Two Type 2 Diabetes Drugs Under Investigation
If you have type 2 diabetes and take medication, then you should know that two type 2 diabetes drugs are currently under investigation by the Food and Drug Administration (FDA) because they are associated with an increased risk of developing pancreatic cancer. If you are taking Januvia or Byetta, you should read on.
Could your diabetes drugs cause cancer?
Many of the estimated 25 million people in the United States who have type 2 diabetes take at least one, and often more, antidiabetes drug. Among them is Januvia (sitagliptin; Merck), an oral, once-daily antidiabetes drug that was approved on October 17, 2006. Another is Byetta (exenatide; Bristol-Myers Squibb), which is given via subcutaneous injection twice daily and was approved in April 2005.
Both Januvia and Byetta work in a similar way: they boost the body’s levels of GLP-1, a protein that is responsible for stimulating the pancreas to make more insulin while also preventing the liver from producing glucose if glucose levels are already high.
One of the drugs’ selling points is that they are not associated with weight gain, which is a problem with other antidiabetes drugs. They also can be taken alone or in combination with other drugs for type 2 diabetes, such as metformin, a first-line medication for type 2 diabetes that belongs to the biguanide class of drugs.
However, among the risk information about Januvia and Byetta is a warning concerning the possibility of pancreatitis. According to the Januvia website, “Serious side effects can happen in people who take Januvia, including pancreatitis, which may be severe and lead to death.”
This warning has been supported by research, including a recent report in JAMA’s Internal Medicine, which noted that people with type 2 diabetes who took one of the GLP-1 drugs had twice the risk of requiring hospitalization for acute pancreatitis within two months of starting their drug therapy when compared with patients who took a different type of antidiabetes medication.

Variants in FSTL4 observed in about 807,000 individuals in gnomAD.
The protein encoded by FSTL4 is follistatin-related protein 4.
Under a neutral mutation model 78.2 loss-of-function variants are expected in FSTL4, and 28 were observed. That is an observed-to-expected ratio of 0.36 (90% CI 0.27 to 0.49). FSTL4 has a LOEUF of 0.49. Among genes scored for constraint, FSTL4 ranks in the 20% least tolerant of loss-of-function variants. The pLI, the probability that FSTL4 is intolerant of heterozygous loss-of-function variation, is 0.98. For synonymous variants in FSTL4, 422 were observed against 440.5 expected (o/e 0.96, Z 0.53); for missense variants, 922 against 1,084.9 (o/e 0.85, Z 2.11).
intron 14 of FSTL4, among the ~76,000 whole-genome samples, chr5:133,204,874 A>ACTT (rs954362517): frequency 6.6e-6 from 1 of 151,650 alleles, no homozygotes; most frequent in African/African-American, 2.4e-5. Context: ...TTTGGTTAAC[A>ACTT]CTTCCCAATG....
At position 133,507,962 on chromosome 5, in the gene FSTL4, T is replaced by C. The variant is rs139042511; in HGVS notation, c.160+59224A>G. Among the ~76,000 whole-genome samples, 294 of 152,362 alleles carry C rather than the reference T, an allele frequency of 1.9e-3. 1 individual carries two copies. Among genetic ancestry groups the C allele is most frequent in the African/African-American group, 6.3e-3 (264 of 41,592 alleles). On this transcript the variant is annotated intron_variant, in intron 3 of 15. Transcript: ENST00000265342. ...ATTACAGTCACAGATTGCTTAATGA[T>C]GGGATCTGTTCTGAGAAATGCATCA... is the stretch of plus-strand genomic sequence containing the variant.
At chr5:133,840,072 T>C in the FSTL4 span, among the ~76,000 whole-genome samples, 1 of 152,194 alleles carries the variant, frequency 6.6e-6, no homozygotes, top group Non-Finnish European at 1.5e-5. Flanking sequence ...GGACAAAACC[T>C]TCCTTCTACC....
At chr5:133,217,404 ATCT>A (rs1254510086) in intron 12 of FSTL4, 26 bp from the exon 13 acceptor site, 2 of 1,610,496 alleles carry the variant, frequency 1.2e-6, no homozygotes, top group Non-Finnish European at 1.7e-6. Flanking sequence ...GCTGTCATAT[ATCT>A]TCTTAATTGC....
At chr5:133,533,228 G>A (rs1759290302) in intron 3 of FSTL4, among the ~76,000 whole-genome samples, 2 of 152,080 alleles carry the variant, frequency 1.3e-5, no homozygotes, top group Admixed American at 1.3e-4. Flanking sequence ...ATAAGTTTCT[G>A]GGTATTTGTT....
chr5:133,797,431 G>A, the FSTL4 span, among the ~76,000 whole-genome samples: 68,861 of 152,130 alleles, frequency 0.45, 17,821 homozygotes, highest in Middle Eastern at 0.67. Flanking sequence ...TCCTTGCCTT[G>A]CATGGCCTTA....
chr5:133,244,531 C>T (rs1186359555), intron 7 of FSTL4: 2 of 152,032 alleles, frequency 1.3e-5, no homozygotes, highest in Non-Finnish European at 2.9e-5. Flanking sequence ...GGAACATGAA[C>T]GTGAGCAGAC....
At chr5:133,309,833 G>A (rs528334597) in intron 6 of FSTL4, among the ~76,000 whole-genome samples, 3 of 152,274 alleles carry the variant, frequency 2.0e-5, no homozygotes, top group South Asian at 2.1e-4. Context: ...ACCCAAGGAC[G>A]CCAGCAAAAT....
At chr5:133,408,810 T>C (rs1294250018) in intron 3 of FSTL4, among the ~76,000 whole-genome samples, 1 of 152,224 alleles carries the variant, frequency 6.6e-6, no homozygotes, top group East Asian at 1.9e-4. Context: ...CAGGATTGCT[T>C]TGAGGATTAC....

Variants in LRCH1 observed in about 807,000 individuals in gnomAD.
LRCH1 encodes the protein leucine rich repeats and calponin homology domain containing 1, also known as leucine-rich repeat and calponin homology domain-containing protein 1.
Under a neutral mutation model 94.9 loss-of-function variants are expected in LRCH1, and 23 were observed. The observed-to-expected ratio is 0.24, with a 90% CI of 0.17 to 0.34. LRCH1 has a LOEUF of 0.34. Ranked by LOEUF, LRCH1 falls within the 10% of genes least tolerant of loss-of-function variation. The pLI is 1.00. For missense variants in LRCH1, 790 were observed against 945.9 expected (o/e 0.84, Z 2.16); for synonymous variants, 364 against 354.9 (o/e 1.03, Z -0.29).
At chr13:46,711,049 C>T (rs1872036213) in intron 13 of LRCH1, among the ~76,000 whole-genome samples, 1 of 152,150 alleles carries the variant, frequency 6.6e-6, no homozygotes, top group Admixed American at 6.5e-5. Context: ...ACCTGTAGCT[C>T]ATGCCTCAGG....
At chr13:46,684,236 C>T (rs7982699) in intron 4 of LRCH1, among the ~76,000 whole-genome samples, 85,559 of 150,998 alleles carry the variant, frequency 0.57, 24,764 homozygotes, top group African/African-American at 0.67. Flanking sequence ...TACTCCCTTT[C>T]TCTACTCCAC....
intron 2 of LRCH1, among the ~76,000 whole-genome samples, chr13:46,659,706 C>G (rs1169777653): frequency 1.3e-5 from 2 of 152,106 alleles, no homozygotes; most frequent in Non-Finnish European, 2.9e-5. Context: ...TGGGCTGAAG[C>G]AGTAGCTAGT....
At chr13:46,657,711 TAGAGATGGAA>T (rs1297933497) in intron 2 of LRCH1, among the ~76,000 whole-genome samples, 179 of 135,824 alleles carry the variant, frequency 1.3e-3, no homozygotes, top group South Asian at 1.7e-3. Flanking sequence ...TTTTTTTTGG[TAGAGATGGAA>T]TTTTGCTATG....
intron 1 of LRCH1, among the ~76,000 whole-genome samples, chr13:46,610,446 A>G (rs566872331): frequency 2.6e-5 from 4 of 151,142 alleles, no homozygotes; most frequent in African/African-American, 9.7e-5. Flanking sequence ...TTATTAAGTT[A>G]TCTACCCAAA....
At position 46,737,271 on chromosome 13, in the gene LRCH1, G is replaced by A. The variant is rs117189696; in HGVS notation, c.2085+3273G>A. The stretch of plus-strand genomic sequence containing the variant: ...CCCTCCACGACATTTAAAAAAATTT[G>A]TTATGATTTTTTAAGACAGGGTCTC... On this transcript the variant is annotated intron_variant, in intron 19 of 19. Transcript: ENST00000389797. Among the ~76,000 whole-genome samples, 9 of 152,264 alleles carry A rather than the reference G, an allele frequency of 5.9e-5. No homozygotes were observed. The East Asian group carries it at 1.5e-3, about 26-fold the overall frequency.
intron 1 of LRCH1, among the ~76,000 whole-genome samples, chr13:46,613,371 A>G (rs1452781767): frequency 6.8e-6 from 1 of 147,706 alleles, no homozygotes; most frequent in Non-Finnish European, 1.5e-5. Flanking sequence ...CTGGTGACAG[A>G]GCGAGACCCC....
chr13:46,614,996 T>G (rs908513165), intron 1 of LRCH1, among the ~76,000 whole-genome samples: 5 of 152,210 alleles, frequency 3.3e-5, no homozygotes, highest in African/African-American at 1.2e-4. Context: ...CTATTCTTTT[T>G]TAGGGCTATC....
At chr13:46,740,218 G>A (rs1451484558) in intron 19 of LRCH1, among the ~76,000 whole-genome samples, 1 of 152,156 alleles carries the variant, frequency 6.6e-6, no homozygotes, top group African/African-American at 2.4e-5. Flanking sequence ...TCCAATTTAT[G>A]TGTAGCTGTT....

In fact, as far back as 2007, the FDA was aware of an increased risk of pancreatitis associated with Byetta and directed the makers to place information to that effect on the drug labels. Two years later, the FDA issued the same directive for the makers of Januvia and Janumet, which is a combination of sitigliptin and metformin.
Now the FDA is investigating the possibility of Januvia, Byetta, and other drugs in the same drug class (e.g., Victoza [liraglutide], Onglyza and Kombiglyze XR [saxagliptin], Nesina, Kazano and Oseni [alogliptin], Tradjenta and Jentadueto [linagliptin]) being associated with an increased risk of pancreatic cancer. Indeed, that makes sense, since having pancreatitis is a risk factor for this form of cancer, and both of these antidiabetes drugs are already associated with a higher risk of pancreatitis.
Should you be worried if you take either Januvia or Byetta? According to the FDA, it “has not concluded these drugs may cause or contribute to the development of pancreatic cancer.” The agency noted that “At this time, patients should continue to take their medicine as directed until they talk to their health care professional.”
Therefore, anyone who is taking these medications may want to talk to their doctor as soon as possible about changing to another medication. The FDA and researchers have known for years that these drugs are associated with an increased risk of pancreatitis, and now pancreatic cancer may be added to the list of potential dangers.
FDA: FDA Drug Safety Communication: FDA investigating reports of possible increased risk of pancreatitis and pre-cancerous findings of the pancreas from incretin mimetic drugs for type 2 diabetes